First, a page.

Let’s get back to the Red Team Thinking in terms of its origin. You were talking about how it relates to 9/11. How did Red Team Thinking come out of 9/11? How have you taken that from its original thing to where it is now? That would be a good conversation.
This concept of formal decision to support red teaming was born out of 9/11 and out of two things that happened as a result of 9/11. Most people are probably aware now that in the wake of 9/11, there was a congressional committee and panel to figure out how did this happen because there were very quickly reports that, “The FBI was investigating these guys. There were all these tips to the CIA. Why did this happen when we had all this intelligence?”
The conclusion of those hearings was that the US Intelligence establishment had suffered what they called a colossal failure of imagination. They had access to all this data. The data was correct, but they didn’t piece it together in the right way. They didn’t connect the dots until the terrorists connected them for them. Two things happened. One happened before the report was even done. This happened after midnight on September 12th, 2001, while they were still pulling people from the ruins of the World Trade Center and the Pentagon.
Director of the CIA, George Tenet, stood up a group within the CIA called the Red Cell and said, “We screwed up. We should have seen this coming. We had people in this building who were trying to ring the alarm bell, and we didn’t listen to them. We’re going to create this team, and the job of this team is going to be to take whatever the prevailing wisdom of the CIA is to whatever the conclusions the CIA draws and try to argue that they’re wrong, challenge those conclusions, poke holes in them, and help us see what we’re missing.”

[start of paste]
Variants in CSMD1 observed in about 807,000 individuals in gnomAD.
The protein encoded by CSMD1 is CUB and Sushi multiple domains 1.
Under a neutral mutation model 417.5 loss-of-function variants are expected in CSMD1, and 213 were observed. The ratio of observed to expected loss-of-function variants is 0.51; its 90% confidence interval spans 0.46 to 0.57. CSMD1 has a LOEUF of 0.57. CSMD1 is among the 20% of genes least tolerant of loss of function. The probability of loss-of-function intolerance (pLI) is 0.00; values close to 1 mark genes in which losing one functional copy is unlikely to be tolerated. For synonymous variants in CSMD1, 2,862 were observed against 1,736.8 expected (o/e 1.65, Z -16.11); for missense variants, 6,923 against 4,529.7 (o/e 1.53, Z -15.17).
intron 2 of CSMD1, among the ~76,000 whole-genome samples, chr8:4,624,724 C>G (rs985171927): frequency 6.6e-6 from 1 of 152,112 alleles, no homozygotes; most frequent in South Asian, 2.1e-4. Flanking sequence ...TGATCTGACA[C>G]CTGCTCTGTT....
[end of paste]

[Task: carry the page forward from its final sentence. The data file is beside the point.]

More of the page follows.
The Red Cell got to work. You can go to the CIA’s website. They say this openly. The Red Cell has been credited with preventing at least half a dozen major terrorist attacks against the United States since 9/11 that would have been equal to or significantly larger than the 9/11 attacks. That’s the Red Cell, and it continues to operate now. To facilitate that, the CIA developed an array of applied critical thinking and groupthink mitigation tools and techniques, many of which we’ve borrowed, modified, and evolved and formed the basis of the Red Team Thinking toolkit.
The second thing that happened as a result of 9/11 is we invaded Iraq and Afghanistan. Initially, things seemed to be going well from the point of view of the US Military, and then suddenly, they weren’t. By 2004, when the wheels started to come off in Iraq and what had seemed to have been a fairly easily won victory was beginning to look like something quite different and an endless quagmire insurgency.
The US Army brought in a new general to lead the army, brought out of retirement a great general, General Peter Schoomaker, and said, “You’ve got two jobs. You got to try to figure out how to deal with the crisis that we’re now in, and your second job is to figure out how we don’t end up in this mess in the future and don’t make the same mistakes again.”
One of the things that Peter Schoomaker did was to impanel a lessons-learned team at the Pentagon to bring in people to say, “What did we do wrong in the planning and the lead up to the invasion of Iraq and what can we do to make sure that doesn’t happen in the future?” One of the key recommendations that came out of this was, “Here’s what we didn’t do. We didn’t challenge our assumptions. We made a lot of very poor assumptions. Number two, we didn’t think about things from the perspective of other key stakeholders, like the Iraqi people. We didn’t include them in our discussions to figure out how things that we were planning on doing were going to look to them. We made a lot of bad decisions based on our biases of previous conflicts that proved to be untrue.”